Hybrid Detectors adopt some complementary combination of the misuse and anomaly detection approaches run in parallel or serially. Activity which is flagged as anomalous may not be noticed by a misuse detector monitoring against descriptions of known undesirable activity. For example, simple browsing for files that include the string "nuclear" may not threaten the security or integrity of the system but it would be useful information for an SSO to review if it was anomalous activity for a particular account. Likewise, an administrator account may often demonstrate access to sensitive files and have a profile to permit this, but it would useful for this access to still be checked against known misuse signatures. There has been a fairly strong consensus in the anti-intrusion community that effective and mature intrusion detection tools need to combine both misuse and anomaly detection. There is increasing operational field evidence that anomaly detection is useful, but requires well briefed SSOs at each site to configure and tune the detector against a high rate of false positives. Anomaly detection systems are not turnkey and require sophisticated support at least until profiles have stabilized.
Intrusions may be detected by the continuous active monitoring of key "system health" factors such as performance and an account's use of key system resources. This technique is more flexible and sophisticated than Static Configuration Checkers, as such a tool would be run continuously as a background process. It concentrates on identifying suspicious changes in system-wide activity measures and system resource usage. An example is to monitor network protocol usage over time, looking for ports experiencing unexpected traffic increases. Work needs to be done to develop and tune system-wide measures, and to understand the significance of identified variations.
Intrusion Countermeasures empower a system with the ability to take autonomous action to react to a perceived intrusion attempt. This approach seeks to address the limitation of intrusion detection mechanisms which must rely on the constant attention of an SSO. Most computing environments do not have the resources to devote an SSO to full-time intrusion detection monitoring, and certainly not for 24 hours a day, seven days a week. Further, a human SSO will not be able to react at machine processing speeds if an attack is automated -- the recent IP spoofing attack attributed to Kevin Mitnick was largely automated and completed in less than eight minutes [SHI95]. Entrusted with proper authorization, a system will have much greater likelihood of interrupting an intrusion in progress, but runs the risk of falsely reacting against valid usage. What must be prevented is the case where a user is doing something unusual or suspicious, but for honest reasons, and is wrongfully burdened by a misfiring countermeasure. The concern that a General Brassknuckles will be enraged by being rudely locked out of the system because he runs over the allowed page count for printouts, merely reflects an avoidable, overly aggressive countermeasure configuration.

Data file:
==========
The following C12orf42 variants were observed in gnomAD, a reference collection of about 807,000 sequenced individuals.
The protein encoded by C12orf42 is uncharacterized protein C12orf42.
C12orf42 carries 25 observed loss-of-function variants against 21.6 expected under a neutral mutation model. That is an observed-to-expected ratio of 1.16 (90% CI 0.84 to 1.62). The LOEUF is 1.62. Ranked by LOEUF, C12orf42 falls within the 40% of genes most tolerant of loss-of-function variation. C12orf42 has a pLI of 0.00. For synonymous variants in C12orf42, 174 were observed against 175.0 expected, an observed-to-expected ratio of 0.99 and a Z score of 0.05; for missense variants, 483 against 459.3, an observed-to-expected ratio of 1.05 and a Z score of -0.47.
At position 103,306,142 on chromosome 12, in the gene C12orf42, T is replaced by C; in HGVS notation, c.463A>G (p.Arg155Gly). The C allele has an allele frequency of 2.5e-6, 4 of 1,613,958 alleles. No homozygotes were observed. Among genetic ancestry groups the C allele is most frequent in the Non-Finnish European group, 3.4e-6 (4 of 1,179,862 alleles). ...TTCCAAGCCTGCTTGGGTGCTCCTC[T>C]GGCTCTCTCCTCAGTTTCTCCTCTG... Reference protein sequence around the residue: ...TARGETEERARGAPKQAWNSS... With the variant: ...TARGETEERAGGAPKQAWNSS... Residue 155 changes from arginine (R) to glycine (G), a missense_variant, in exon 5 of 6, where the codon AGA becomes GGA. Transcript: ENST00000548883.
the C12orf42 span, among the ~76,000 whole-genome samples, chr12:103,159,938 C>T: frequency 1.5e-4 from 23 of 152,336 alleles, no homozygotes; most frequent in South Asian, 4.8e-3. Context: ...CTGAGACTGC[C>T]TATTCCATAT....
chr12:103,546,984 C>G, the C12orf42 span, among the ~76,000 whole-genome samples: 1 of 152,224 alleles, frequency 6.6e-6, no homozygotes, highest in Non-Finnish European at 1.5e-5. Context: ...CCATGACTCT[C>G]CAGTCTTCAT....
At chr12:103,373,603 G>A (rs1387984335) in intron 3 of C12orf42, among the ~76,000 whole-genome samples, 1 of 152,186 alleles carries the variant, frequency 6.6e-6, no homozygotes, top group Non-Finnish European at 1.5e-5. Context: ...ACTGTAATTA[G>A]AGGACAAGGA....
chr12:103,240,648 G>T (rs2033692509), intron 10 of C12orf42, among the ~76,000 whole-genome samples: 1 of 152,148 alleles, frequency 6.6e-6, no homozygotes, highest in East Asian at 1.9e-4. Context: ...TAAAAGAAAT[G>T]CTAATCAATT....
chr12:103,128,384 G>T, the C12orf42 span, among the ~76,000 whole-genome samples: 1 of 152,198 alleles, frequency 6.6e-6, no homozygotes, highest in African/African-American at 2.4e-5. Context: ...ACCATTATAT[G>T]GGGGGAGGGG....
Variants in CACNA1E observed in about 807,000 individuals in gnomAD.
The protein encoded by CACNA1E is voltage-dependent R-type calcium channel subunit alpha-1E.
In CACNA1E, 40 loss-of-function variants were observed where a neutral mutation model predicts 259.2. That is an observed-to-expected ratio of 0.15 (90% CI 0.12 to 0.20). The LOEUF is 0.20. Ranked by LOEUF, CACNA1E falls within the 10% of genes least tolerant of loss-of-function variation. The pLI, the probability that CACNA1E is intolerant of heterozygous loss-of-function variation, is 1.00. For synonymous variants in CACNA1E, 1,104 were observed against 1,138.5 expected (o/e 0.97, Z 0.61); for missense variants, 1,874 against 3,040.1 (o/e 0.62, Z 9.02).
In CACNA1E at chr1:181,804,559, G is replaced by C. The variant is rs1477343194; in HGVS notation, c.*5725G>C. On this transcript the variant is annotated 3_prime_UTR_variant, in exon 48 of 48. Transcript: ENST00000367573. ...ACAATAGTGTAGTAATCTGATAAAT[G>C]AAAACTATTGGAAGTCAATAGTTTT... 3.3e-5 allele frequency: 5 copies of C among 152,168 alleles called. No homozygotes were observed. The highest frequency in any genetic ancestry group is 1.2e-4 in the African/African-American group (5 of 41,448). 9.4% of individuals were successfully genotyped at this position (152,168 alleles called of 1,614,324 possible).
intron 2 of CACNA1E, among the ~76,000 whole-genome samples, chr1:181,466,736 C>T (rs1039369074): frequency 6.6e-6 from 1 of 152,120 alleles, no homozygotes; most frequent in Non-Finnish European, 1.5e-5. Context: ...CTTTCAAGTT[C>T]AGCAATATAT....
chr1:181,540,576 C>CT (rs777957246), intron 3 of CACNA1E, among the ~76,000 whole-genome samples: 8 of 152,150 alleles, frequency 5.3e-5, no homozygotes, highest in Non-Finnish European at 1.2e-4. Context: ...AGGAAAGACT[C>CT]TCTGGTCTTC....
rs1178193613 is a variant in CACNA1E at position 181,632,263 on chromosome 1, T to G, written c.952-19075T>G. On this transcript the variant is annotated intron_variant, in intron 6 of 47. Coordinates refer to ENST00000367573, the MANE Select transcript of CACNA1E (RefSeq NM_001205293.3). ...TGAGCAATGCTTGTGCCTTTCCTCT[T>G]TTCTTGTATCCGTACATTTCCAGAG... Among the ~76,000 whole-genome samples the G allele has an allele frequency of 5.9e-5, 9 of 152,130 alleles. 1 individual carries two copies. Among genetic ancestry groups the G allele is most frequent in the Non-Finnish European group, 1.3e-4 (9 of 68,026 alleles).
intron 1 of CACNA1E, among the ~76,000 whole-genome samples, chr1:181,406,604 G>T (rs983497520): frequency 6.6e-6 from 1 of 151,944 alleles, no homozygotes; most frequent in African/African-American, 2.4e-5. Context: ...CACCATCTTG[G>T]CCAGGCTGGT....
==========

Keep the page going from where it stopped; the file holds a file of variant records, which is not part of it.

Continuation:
Two primary intrusion countermeasure techniques are autonomously acting IDS's and alarmed system resources. Although the former may be considered simply giving intrusion detection techniques teeth, the latter will react to suspicious actions on the system without ever processing audit data to perform "detection".
ICE offers a number of advantages over manually reviewed IDSís. A system can be protected without requiring an SSO to be constantly present, and able and willing to make instant, on-the-spot complex decisions. ICE offers non-distracted, unbiased, around-the-clock response to even automated attacks. Because ICE suffers from the same discrimination and profile management issues as intrusion detection mechanisms, but with potentially no human intervention, care must be taken that service is not disrupted at a critical time by engineered denial of service attacks.
This paper has established a comprehensive anti-intrusion taxonomy by working top-down at a theoretical level, and bottom-up by surveying implemented approaches and those discussed in the referenced literature. Exercising the taxonomy against real life analogies firmed and increased intuitive grasp of the concepts. New anti-intrusion techniques will continue to be developed in this rapidly evolving field of research which may expand our taxonomy. This taxonomy will serve as a useful tool to catalog and assess the anti-intrusion techniques used by a particular anti-intrusion system implementation. It is hoped that our technique organization will provide new insight to the anti-intrusion research community. The authors are active workers in the field and would be pleased to correspond regarding additions or modifications.